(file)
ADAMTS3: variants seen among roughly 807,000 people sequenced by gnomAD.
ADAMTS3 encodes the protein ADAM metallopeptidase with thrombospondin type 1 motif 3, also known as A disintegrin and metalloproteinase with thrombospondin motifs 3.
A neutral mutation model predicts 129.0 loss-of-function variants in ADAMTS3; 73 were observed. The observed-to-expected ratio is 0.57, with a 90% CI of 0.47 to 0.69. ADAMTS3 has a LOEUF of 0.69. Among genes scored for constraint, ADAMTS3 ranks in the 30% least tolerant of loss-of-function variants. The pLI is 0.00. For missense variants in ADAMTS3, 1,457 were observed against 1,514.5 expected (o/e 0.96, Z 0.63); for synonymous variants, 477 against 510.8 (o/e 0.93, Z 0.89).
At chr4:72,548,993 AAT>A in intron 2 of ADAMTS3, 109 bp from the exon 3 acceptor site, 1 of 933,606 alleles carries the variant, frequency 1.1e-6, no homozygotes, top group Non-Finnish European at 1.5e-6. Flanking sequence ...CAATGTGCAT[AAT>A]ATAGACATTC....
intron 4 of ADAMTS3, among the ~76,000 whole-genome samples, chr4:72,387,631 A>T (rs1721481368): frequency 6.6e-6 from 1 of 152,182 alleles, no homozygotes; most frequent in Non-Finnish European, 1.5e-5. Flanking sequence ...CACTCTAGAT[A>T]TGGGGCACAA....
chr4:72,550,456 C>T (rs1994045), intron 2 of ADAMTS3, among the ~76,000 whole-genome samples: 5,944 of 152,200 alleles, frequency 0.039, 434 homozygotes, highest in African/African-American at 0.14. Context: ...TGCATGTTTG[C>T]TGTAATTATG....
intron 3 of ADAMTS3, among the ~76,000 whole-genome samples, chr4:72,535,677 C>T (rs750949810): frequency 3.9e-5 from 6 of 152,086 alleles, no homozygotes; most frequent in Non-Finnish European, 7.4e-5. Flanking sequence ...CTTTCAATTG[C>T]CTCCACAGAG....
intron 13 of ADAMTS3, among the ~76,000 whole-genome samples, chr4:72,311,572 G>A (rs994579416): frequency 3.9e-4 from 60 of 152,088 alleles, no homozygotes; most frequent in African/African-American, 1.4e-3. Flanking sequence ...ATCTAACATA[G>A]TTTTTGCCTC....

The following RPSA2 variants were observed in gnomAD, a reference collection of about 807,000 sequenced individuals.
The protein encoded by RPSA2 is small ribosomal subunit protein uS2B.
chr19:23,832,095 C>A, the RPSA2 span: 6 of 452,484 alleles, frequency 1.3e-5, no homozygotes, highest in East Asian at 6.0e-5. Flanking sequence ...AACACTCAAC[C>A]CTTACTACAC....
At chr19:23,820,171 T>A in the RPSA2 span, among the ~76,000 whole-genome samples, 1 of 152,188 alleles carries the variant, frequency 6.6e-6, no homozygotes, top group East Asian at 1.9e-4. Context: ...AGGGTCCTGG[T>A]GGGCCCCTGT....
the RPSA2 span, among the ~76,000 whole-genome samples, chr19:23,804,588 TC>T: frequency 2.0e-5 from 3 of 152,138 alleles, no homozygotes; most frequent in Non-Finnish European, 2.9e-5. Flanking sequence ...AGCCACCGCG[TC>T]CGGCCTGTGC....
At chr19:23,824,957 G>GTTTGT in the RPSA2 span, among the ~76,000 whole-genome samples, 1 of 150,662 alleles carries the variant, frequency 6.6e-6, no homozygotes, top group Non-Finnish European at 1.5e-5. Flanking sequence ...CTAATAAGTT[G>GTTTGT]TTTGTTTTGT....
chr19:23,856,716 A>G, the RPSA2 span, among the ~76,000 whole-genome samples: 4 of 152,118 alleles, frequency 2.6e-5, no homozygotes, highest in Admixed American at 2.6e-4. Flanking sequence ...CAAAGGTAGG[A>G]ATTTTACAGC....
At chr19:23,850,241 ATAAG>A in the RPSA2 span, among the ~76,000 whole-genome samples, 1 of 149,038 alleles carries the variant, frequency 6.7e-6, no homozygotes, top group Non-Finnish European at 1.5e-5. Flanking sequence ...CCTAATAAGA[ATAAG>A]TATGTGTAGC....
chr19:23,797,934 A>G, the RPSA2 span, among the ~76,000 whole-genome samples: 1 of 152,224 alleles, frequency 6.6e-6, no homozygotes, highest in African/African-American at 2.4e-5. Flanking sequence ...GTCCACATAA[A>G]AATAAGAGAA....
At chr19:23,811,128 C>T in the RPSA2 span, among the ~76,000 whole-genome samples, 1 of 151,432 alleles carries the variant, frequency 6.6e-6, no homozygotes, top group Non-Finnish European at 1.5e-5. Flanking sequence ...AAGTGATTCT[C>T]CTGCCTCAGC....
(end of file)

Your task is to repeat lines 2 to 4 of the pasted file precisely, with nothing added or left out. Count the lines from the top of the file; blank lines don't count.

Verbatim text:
ADAMTS3 encodes the protein ADAM metallopeptidase with thrombospondin type 1 motif 3, also known as A disintegrin and metalloproteinase with thrombospondin motifs 3.
A neutral mutation model predicts 129.0 loss-of-function variants in ADAMTS3; 73 were observed. The observed-to-expected ratio is 0.57, with a 90% CI of 0.47 to 0.69. ADAMTS3 has a LOEUF of 0.69. Among genes scored for constraint, ADAMTS3 ranks in the 30% least tolerant of loss-of-function variants. The pLI is 0.00. For missense variants in ADAMTS3, 1,457 were observed against 1,514.5 expected (o/e 0.96, Z 0.63); for synonymous variants, 477 against 510.8 (o/e 0.93, Z 0.89).
At chr4:72,548,993 AAT>A in intron 2 of ADAMTS3, 109 bp from the exon 3 acceptor site, 1 of 933,606 alleles carries the variant, frequency 1.1e-6, no homozygotes, top group Non-Finnish European at 1.5e-6. Flanking sequence ...CAATGTGCAT[AAT>A]ATAGACATTC....